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The Dramatic Form of Ambition in Early Nineteenth-Century France

AuthorsMoscoso, Javier
Issue Date2019
PublisherEdinburgh University Press
CitationCultural History, Volume 8 Issue 1, Page 7-23 (2019)
AbstractThe spectacle of suffering, so much present in the asylum, does not refer here to the field of the visual but to a different form of representation by means of which an emotional experience could be turned into a story. By looking at the way in which madness was given the form of a social drama, I intend to suggest a new way to look at the history of the passions that focuses on the preconditions rather than on the results. The pathologization of passions in general, and of ambition in particular, required a new observational and visual regimen in which certain passionate states could be regarded as vehement or delirious. I would argue that the transformation of emotional symptoms into clinical signs required the mobilization of many elements, including the attentive observation of the inmates, their gestures and, of course, their expressions. In many cases, the configuration of the clinical record acquires the form of a short novella. In some others, in which those who are mad are quoted directly, we are tempted to believe that we may hear their inner voices. In both cases, there is little doubt that the cultural and medical configuration of madness requires not just actors and directors but also a plot, a stage, costumes, props, scenography and, of course, an audience. To explore these theatrical forms, I examine in detail one of the clinical cases reported by Leuret, chief physician for the mentally ill at the prison of Bicêtre. This gives me the opportunity to look at the elements of theatricality included in the clinical reports, but also at the performative nature of emotional states. I claim that the interplay between emotions and clinical conditions was at the core of the pathologization of passions that took place in the early nineteenth century.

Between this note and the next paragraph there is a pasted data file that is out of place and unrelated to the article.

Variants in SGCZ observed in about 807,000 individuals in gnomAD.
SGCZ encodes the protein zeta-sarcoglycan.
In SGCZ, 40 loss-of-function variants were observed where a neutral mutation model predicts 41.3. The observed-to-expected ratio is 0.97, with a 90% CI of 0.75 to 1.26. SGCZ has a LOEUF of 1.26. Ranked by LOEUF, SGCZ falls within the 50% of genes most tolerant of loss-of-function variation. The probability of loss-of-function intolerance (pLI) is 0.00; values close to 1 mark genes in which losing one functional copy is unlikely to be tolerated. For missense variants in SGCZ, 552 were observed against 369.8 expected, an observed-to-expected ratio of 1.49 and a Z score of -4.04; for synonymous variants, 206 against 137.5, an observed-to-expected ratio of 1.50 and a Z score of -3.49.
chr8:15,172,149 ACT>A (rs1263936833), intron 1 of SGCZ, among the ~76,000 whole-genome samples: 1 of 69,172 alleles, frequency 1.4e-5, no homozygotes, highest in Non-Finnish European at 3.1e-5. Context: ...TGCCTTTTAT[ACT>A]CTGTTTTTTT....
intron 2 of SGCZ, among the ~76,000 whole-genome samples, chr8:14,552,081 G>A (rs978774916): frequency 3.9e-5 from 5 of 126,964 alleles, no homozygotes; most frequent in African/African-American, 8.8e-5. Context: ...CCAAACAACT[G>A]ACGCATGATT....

Publisher version (URL)https://doi.org/10.3366/cult.2019.0184
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